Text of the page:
MIDDLETOWN, Pa. — An alleged hazing incident involving the Middletown football team continues to send shockwaves throughout the district. On Friday, the school district announced that head coach Scott Acri resigned earlier in the week.
Melissa Brown, a licensed psychologist at UPMC, spoke to FOX43 about how students in sports and clubs could get wrapped up in hazing incidents.
“Particularly in high school, we’re dealing with a fairly vulnerable population," said Brown. "There’s this ideology about wanting to fit in, wanting to stand out, wanting to be popular, whatever that ideology is for them.”
Brown says that mentality could apply to both perpetrators and victims of hazing incidents, and adds that it can happen on any sports team or club.
She says depending on the severity of the incident, victims could suffer long-lasting trauma.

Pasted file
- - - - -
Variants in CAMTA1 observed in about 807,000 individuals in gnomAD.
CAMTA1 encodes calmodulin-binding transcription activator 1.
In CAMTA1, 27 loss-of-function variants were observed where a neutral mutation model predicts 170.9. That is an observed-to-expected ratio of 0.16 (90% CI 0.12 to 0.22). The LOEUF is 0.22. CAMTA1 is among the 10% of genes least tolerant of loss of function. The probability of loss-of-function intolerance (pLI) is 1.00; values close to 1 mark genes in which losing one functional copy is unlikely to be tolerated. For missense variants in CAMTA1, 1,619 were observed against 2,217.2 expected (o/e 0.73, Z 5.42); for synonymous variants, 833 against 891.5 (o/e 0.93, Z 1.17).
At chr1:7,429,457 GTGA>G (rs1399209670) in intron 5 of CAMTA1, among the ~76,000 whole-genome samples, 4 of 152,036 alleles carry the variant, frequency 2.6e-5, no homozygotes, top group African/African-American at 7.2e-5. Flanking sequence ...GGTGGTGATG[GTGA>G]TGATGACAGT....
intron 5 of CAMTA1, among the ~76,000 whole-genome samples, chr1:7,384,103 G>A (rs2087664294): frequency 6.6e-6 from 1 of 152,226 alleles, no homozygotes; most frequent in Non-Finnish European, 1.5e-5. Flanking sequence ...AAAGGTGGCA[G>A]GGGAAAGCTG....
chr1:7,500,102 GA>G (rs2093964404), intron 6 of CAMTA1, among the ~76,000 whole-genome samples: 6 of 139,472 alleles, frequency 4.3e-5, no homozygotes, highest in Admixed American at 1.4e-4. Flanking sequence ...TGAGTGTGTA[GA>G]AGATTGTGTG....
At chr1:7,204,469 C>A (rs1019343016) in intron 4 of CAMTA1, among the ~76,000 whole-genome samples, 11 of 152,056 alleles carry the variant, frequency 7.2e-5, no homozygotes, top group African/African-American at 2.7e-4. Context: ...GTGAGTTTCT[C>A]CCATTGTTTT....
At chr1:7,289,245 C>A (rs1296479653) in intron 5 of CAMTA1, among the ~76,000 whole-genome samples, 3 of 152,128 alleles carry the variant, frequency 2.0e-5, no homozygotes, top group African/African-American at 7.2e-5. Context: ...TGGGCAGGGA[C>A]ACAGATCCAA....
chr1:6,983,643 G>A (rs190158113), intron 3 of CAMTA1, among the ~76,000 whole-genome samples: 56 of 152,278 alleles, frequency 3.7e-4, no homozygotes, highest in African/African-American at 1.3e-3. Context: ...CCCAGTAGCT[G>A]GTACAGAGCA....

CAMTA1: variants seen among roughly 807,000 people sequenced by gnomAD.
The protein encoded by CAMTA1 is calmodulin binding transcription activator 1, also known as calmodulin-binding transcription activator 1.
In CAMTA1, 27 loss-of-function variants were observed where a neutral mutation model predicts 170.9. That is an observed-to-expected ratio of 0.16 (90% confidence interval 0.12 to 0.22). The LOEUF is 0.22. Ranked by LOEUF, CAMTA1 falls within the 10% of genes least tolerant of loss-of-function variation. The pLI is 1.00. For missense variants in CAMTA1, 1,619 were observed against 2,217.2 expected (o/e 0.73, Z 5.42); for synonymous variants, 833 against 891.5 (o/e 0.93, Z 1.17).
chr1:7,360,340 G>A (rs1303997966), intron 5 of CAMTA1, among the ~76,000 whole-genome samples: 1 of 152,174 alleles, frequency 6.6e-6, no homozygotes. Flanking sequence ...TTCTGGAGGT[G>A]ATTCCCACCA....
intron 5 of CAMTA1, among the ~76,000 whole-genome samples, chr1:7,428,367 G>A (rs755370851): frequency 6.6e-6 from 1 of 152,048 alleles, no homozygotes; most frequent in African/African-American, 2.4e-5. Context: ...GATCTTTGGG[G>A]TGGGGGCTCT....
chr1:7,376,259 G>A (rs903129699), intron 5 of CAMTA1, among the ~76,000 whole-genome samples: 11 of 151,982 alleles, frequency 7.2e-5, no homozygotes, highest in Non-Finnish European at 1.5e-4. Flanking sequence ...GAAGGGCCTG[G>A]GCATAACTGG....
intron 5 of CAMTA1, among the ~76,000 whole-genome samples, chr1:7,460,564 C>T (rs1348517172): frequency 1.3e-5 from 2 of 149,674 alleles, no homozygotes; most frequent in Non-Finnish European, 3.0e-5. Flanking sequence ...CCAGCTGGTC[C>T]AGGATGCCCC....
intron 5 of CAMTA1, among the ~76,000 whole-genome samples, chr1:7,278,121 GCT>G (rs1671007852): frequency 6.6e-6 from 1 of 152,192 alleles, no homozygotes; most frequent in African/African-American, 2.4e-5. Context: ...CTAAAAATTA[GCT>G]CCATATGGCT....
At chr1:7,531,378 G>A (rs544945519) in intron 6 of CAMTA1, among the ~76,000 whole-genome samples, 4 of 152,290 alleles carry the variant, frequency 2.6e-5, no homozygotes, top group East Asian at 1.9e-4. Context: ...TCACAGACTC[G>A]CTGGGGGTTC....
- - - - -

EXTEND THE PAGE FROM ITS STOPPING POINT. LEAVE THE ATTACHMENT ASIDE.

“We’re talking about depression, anxiety, eating disorders," said Brown. "And of course, the big factor is the loss of trust in those adults and others around them that are there to keep them safe.”
Brown says coaches and other adult supervisors should monitor their students for any signs of potential hazing. She adds that parents also have a role to discourage their children from engaging in any hazing activities.
“Keep those conversations flowing, keep those doors open with your teen," said Brown. "As hard as it is and as often as they grunt at you, it really is important that you are their safe place that they can come to.”
The Middletown School District initially planned on releasing updated information about the hazing incident earlier Friday but postponed the release until Monday, Aug. 22nd.
Assistant coach Rob Brodish was tabbed as the team's acting head coach, following Acri's resignation. Middletown will take on Northern York High School in a scrimmage on Saturday at 10 a.m.